Dr. Joseph Fammartino, an Albuquerque ophthalmologist, has turned his zeal for helping others into a worldwide adventure through Medical Ministry International, restoring sight to hundreds of South Americans, so they can live more fulfilling lives.
Nenna Arnold, an Albuquerque nurse who recently relocated to Denver, has flown to Africa and Central America for Doctors Without Borders, combining her concern for others with her love of travel.
Even those who aren’t medical professionals can volunteer to improve global health. Both Fammartino and Arnold say their organizations, as well as dozens of non-governmental organizations around the world, need dedicated, skilled volunteers.
“Non-medical folks such as logisticians, financial coordinators and field coordinators make up about 30 percent of the Americans that we send to the field each year,” says spokesman Tim Shenk of Doctors Without Borders.
“We always need helpers,” says Fammartino, a retinal specialist and clinical medical director for the eye department at ABQ Health Partners. He says in the almost 20 years he has been volunteering on medical missions, people from all professions join the effort. “Anyone who wants to come, we’ll assign them a job. We’ve had school teachers and retired business people. My wife volunteers and she’s not a medical professional; she’s a classical pianist. It’s a blessing that she wants to do this with me.”
This past January, Fammartino, his wife and the rest of his Eye Brigade crew went to remote Leticia, Colombia, to set up an eye clinic where they performed surgeries, checked eyes and dispensed glasses. The clinic was set up in a local school, with various classrooms assigned for different functions.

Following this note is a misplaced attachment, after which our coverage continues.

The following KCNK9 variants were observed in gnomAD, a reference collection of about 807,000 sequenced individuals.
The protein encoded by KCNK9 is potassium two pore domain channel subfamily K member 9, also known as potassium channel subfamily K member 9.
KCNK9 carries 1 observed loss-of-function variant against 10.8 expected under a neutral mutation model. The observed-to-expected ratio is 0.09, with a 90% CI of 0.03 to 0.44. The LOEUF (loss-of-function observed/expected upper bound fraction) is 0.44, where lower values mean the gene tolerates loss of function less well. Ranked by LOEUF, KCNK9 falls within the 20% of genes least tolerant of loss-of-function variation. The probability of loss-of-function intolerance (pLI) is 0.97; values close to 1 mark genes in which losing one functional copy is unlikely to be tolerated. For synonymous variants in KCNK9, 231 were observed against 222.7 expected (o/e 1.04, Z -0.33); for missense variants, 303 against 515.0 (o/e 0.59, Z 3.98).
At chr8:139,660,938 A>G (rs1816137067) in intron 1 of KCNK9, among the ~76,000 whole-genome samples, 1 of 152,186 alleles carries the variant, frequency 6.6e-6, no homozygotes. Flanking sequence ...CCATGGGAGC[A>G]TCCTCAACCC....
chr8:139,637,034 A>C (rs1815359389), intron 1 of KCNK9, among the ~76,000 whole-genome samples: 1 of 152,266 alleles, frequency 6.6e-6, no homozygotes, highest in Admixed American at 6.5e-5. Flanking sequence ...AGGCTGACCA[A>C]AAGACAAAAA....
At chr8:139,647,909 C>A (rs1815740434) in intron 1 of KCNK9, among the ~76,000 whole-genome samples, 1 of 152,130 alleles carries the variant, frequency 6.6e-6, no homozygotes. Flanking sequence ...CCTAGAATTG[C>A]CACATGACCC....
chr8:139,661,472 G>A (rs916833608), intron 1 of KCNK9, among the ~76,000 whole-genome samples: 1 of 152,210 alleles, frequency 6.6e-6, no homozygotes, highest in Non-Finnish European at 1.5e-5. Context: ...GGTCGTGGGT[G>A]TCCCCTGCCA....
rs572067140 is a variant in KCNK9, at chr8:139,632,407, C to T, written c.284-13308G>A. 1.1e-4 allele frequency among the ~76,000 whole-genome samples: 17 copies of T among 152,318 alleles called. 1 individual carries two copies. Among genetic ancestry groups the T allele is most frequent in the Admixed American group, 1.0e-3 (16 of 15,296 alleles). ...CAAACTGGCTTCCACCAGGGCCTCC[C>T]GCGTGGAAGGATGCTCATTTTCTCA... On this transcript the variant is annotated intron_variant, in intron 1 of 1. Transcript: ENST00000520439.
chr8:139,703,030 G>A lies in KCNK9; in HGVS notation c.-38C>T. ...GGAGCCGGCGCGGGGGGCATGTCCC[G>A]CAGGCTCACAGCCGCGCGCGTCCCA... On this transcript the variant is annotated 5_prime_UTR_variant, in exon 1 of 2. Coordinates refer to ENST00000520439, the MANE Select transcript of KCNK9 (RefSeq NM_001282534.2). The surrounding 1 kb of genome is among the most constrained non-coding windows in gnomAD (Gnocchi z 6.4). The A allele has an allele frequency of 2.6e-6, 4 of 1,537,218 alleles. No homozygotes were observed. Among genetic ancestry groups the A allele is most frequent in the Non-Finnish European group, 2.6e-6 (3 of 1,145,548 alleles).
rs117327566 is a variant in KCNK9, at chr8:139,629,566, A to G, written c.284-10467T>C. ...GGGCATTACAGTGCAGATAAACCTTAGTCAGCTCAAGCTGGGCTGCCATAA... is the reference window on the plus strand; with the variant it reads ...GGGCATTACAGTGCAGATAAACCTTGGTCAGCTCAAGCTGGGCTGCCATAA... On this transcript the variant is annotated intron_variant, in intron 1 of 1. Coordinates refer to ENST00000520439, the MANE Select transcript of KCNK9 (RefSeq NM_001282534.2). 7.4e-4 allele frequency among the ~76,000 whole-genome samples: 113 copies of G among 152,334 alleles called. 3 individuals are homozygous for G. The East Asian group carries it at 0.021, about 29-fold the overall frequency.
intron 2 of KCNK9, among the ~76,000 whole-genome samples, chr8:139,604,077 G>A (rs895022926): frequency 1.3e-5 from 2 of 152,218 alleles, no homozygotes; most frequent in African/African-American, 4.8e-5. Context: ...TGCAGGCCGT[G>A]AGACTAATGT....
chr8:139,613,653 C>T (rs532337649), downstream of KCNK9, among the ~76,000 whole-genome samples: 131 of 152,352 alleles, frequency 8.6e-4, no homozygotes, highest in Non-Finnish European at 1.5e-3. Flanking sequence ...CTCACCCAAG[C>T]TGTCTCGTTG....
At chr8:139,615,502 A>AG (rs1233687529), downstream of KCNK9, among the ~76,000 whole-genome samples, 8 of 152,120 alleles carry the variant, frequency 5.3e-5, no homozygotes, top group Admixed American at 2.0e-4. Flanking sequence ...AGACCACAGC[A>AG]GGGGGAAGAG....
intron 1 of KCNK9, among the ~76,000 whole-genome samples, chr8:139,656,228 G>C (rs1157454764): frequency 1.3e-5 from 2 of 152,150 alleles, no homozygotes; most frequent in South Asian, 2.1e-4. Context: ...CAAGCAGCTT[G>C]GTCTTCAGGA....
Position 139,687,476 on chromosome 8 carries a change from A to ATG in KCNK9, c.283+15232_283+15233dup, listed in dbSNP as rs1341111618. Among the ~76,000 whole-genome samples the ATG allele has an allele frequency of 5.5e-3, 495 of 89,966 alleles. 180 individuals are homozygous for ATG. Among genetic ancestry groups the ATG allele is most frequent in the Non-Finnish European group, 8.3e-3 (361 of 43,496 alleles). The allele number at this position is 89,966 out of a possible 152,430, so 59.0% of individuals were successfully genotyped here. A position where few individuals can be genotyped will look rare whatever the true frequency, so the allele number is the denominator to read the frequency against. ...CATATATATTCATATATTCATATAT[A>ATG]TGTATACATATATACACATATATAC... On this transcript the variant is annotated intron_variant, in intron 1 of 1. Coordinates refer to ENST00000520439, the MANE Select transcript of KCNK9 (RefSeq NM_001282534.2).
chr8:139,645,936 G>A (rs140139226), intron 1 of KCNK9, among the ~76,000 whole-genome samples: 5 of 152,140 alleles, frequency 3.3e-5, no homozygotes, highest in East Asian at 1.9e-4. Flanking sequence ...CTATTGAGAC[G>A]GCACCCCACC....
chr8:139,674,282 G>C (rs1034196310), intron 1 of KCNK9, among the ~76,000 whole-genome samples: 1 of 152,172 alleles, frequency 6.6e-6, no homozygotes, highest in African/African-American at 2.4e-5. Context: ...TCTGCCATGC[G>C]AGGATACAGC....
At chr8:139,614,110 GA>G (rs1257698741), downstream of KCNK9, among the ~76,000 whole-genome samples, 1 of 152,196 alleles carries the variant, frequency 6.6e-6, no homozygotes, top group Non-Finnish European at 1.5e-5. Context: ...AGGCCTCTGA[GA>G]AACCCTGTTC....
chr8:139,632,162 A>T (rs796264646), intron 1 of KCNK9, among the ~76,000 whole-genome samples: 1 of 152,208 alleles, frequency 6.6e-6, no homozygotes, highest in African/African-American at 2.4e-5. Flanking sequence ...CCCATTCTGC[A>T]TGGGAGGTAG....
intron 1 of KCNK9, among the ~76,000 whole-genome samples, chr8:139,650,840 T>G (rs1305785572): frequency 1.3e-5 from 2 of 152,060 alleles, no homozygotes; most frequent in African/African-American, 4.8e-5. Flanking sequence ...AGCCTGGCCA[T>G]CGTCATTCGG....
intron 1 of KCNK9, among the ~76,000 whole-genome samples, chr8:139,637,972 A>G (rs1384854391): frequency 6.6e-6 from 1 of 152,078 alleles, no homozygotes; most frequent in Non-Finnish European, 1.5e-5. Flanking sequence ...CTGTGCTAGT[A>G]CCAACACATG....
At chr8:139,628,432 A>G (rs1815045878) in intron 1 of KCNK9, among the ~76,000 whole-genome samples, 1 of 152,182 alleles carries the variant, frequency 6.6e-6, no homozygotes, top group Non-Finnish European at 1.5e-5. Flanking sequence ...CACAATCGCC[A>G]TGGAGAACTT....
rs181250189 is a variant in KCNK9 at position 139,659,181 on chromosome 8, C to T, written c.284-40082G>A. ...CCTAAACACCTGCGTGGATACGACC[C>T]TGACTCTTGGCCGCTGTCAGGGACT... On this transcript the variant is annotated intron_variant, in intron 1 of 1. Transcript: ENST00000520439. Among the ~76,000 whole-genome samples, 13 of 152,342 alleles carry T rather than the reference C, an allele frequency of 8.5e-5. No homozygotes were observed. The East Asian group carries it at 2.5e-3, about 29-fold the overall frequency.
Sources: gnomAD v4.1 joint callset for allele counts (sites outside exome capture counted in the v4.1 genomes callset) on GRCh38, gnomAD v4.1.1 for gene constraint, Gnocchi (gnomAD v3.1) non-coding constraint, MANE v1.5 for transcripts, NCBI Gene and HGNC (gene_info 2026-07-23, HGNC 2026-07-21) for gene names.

“We saw 700 people a day,” he recalls. “We dispensed 10,000 pairs of glasses.”
Many of the surgeries he and his colleagues performed were to repair traumatic eye injuries, to realign crossed eyes and to remove cataracts. He restored vision for one woman who was the sole support of her family and for another woman who had never seen her grandchildren.
For people in remote villages, just getting reading glasses means they can sew and cook again, he says.
People line up by the hundreds for the clinic after volunteers with megaphones broadcast the arrival of the Eye Brigade in surrounding villages. Many people arrived by boat, led by a neighbor or a loved one into the clinic and then left being able to find their own way home, he says.
Two women, both with cataracts, helped each other to the clinic, but even though they both needed surgery, one told him she would wait for another year until he came again, because she needed to help her friend. They both couldn’t be recovering at the same time.
“This is a privilege. I’m very attached to giving some of our time to do this. We stay where the patients are. We eat their food. We are immersed in their culture,” Fammartino says. He says he feels fortunate that he discovered Medical Ministries International because “they are very efficient and well-organized.”
The group organizes eye and medical projects, run by volunteers, around the globe, he says. Along with clinics like Fammartino’s, which last a few weeks, the organization also has permanent clinics that are run by recent graduates from medical school: “We don’t take money from governments.”